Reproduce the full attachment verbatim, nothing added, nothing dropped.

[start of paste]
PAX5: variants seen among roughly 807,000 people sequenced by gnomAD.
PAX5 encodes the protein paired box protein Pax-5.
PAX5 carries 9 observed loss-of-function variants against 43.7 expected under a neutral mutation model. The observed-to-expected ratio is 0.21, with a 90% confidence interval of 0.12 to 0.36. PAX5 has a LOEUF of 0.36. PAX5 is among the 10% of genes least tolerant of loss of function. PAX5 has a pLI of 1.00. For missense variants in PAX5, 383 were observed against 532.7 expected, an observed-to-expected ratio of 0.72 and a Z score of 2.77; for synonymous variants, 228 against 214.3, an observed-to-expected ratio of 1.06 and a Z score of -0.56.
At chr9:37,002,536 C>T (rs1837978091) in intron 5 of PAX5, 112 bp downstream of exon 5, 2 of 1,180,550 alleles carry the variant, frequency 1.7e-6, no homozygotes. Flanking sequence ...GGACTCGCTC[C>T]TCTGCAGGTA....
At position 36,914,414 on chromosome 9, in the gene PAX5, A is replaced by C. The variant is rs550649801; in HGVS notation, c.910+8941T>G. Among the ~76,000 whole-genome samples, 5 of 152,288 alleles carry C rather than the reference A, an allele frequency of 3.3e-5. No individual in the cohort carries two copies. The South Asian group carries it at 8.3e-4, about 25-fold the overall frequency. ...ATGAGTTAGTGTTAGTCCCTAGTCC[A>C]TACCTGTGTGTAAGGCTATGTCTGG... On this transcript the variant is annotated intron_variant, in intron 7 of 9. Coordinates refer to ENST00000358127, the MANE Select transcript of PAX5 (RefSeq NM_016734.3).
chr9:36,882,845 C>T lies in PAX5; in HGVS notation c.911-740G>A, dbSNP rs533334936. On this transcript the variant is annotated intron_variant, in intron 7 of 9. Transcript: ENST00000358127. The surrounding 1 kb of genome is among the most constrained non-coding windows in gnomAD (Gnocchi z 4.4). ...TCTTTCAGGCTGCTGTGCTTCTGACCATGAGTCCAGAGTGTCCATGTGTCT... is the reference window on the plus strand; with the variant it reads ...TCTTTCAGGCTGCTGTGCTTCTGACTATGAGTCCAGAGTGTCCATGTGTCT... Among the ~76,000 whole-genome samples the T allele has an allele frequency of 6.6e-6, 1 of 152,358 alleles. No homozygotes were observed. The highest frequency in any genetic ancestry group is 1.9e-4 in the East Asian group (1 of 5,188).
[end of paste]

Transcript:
PAX5: variants seen among roughly 807,000 people sequenced by gnomAD.
PAX5 encodes the protein paired box protein Pax-5.
PAX5 carries 9 observed loss-of-function variants against 43.7 expected under a neutral mutation model. The observed-to-expected ratio is 0.21, with a 90% confidence interval of 0.12 to 0.36. PAX5 has a LOEUF of 0.36. PAX5 is among the 10% of genes least tolerant of loss of function. PAX5 has a pLI of 1.00. For missense variants in PAX5, 383 were observed against 532.7 expected, an observed-to-expected ratio of 0.72 and a Z score of 2.77; for synonymous variants, 228 against 214.3, an observed-to-expected ratio of 1.06 and a Z score of -0.56.
At chr9:37,002,536 C>T (rs1837978091) in intron 5 of PAX5, 112 bp downstream of exon 5, 2 of 1,180,550 alleles carry the variant, frequency 1.7e-6, no homozygotes. Flanking sequence ...GGACTCGCTC[C>T]TCTGCAGGTA....
At position 36,914,414 on chromosome 9, in the gene PAX5, A is replaced by C. The variant is rs550649801; in HGVS notation, c.910+8941T>G. Among the ~76,000 whole-genome samples, 5 of 152,288 alleles carry C rather than the reference A, an allele frequency of 3.3e-5. No individual in the cohort carries two copies. The South Asian group carries it at 8.3e-4, about 25-fold the overall frequency. ...ATGAGTTAGTGTTAGTCCCTAGTCC[A>C]TACCTGTGTGTAAGGCTATGTCTGG... On this transcript the variant is annotated intron_variant, in intron 7 of 9. Coordinates refer to ENST00000358127, the MANE Select transcript of PAX5 (RefSeq NM_016734.3).
chr9:36,882,845 C>T lies in PAX5; in HGVS notation c.911-740G>A, dbSNP rs533334936. On this transcript the variant is annotated intron_variant, in intron 7 of 9. Transcript: ENST00000358127. The surrounding 1 kb of genome is among the most constrained non-coding windows in gnomAD (Gnocchi z 4.4). ...TCTTTCAGGCTGCTGTGCTTCTGACCATGAGTCCAGAGTGTCCATGTGTCT... is the reference window on the plus strand; with the variant it reads ...TCTTTCAGGCTGCTGTGCTTCTGACTATGAGTCCAGAGTGTCCATGTGTCT... Among the ~76,000 whole-genome samples the T allele has an allele frequency of 6.6e-6, 1 of 152,358 alleles. No homozygotes were observed. The highest frequency in any genetic ancestry group is 1.9e-4 in the East Asian group (1 of 5,188).